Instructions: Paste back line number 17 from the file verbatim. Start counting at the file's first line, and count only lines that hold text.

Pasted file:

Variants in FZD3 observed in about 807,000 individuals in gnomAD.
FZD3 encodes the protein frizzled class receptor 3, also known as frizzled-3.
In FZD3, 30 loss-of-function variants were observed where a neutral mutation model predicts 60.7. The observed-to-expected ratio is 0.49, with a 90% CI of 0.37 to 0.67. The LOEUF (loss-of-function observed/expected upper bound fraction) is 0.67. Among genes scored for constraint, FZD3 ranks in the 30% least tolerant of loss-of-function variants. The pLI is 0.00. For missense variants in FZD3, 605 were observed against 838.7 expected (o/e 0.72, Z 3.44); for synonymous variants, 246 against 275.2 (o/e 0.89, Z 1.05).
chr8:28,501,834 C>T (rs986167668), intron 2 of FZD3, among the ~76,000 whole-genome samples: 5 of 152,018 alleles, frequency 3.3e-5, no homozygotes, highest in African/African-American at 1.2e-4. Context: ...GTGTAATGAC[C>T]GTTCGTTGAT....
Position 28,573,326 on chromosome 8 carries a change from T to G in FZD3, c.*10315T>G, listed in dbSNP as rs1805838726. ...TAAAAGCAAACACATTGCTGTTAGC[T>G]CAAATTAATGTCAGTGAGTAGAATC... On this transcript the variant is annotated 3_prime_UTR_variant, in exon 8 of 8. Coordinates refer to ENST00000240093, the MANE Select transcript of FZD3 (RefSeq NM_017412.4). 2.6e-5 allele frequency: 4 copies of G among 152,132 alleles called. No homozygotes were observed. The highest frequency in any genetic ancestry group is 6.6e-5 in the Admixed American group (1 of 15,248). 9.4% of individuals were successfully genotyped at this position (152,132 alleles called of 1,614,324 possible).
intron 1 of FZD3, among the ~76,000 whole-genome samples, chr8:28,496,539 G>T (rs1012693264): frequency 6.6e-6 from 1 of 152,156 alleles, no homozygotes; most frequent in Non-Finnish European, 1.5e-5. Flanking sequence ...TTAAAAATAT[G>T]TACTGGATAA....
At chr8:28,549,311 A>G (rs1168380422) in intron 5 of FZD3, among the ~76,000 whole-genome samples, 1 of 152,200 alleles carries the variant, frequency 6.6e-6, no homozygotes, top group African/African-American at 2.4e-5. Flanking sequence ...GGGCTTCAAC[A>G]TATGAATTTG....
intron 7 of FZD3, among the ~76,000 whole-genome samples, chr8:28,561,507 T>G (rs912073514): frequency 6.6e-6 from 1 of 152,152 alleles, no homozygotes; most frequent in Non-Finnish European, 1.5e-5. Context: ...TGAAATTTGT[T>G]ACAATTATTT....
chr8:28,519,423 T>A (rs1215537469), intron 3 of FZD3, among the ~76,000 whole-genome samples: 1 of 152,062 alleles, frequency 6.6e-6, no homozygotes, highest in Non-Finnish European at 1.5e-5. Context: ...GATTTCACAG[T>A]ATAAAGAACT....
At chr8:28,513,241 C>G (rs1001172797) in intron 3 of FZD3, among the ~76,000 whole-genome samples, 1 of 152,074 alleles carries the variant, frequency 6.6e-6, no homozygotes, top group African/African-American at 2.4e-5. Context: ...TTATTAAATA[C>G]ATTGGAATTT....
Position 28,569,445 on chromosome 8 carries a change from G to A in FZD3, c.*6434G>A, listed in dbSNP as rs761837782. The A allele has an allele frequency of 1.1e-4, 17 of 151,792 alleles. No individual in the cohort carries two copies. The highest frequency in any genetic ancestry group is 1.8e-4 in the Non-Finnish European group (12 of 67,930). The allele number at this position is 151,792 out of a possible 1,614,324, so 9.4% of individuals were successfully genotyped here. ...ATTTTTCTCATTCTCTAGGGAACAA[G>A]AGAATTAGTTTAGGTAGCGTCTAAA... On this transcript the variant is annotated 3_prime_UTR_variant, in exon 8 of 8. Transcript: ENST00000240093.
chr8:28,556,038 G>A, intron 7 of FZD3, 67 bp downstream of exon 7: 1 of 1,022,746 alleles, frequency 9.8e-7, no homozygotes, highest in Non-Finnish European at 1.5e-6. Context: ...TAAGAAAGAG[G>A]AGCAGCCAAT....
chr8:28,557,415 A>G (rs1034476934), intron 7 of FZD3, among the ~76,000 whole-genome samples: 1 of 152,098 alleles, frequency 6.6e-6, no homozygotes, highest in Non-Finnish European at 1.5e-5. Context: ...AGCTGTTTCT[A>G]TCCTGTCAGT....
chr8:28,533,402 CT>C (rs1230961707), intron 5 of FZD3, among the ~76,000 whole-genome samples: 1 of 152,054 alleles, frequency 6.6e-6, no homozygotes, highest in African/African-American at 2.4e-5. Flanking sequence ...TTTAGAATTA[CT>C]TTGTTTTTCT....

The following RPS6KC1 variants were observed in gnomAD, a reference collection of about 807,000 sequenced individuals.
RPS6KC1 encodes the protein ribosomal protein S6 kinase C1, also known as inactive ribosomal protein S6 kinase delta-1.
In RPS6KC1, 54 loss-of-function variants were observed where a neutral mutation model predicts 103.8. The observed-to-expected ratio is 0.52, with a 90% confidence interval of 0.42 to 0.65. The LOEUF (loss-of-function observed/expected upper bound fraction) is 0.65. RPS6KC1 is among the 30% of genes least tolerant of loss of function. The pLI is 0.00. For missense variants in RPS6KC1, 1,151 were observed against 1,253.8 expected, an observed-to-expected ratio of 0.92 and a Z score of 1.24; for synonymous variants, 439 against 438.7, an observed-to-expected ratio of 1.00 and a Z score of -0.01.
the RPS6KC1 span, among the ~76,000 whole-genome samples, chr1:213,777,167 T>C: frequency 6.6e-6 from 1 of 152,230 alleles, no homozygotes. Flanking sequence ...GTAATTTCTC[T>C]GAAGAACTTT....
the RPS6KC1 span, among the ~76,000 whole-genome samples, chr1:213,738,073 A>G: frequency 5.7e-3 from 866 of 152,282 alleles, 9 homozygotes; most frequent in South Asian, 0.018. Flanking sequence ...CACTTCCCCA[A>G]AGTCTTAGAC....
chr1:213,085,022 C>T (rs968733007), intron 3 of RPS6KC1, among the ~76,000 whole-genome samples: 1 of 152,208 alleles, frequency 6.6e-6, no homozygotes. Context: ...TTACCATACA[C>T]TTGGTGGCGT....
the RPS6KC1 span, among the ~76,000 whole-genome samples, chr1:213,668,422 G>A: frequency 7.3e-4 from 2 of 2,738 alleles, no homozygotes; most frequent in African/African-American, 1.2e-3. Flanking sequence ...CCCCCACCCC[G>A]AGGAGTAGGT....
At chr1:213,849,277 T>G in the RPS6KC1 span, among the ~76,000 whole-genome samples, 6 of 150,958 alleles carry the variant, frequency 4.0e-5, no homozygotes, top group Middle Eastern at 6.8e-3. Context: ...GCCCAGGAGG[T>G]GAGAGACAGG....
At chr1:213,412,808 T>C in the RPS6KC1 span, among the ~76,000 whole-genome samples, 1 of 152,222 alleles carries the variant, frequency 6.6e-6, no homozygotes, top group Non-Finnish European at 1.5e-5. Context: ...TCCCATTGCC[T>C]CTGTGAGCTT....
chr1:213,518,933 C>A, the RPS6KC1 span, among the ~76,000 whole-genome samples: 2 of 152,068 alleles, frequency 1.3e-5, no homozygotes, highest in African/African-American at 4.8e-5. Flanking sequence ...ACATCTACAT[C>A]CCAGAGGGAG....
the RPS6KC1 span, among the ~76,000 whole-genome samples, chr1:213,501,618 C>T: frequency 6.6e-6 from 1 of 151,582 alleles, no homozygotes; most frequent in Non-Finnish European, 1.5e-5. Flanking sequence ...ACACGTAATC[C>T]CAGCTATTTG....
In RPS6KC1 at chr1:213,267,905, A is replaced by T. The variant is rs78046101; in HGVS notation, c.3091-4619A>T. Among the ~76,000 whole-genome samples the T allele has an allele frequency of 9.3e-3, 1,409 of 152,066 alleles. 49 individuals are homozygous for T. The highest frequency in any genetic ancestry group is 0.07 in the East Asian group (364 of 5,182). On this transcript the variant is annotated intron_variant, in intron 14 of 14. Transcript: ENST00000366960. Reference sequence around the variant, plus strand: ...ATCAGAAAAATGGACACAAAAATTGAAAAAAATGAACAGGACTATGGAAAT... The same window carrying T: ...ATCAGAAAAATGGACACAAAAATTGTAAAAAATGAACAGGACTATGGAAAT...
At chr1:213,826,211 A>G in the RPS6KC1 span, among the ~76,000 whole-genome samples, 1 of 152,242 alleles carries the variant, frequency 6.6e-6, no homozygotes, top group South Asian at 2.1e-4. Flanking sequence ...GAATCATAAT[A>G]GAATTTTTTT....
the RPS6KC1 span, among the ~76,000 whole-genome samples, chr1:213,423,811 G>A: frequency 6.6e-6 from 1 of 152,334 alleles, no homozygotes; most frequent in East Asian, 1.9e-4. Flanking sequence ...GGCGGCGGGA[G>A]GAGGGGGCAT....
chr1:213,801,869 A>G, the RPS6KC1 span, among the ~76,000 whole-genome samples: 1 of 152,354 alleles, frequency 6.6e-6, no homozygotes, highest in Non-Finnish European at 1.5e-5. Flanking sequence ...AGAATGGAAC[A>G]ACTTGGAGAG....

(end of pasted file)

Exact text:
In RPS6KC1, 54 loss-of-function variants were observed where a neutral mutation model predicts 103.8. The observed-to-expected ratio is 0.52, with a 90% confidence interval of 0.42 to 0.65. The LOEUF (loss-of-function observed/expected upper bound fraction) is 0.65. RPS6KC1 is among the 30% of genes least tolerant of loss of function. The pLI is 0.00. For missense variants in RPS6KC1, 1,151 were observed against 1,253.8 expected, an observed-to-expected ratio of 0.92 and a Z score of 1.24; for synonymous variants, 439 against 438.7, an observed-to-expected ratio of 1.00 and a Z score of -0.01.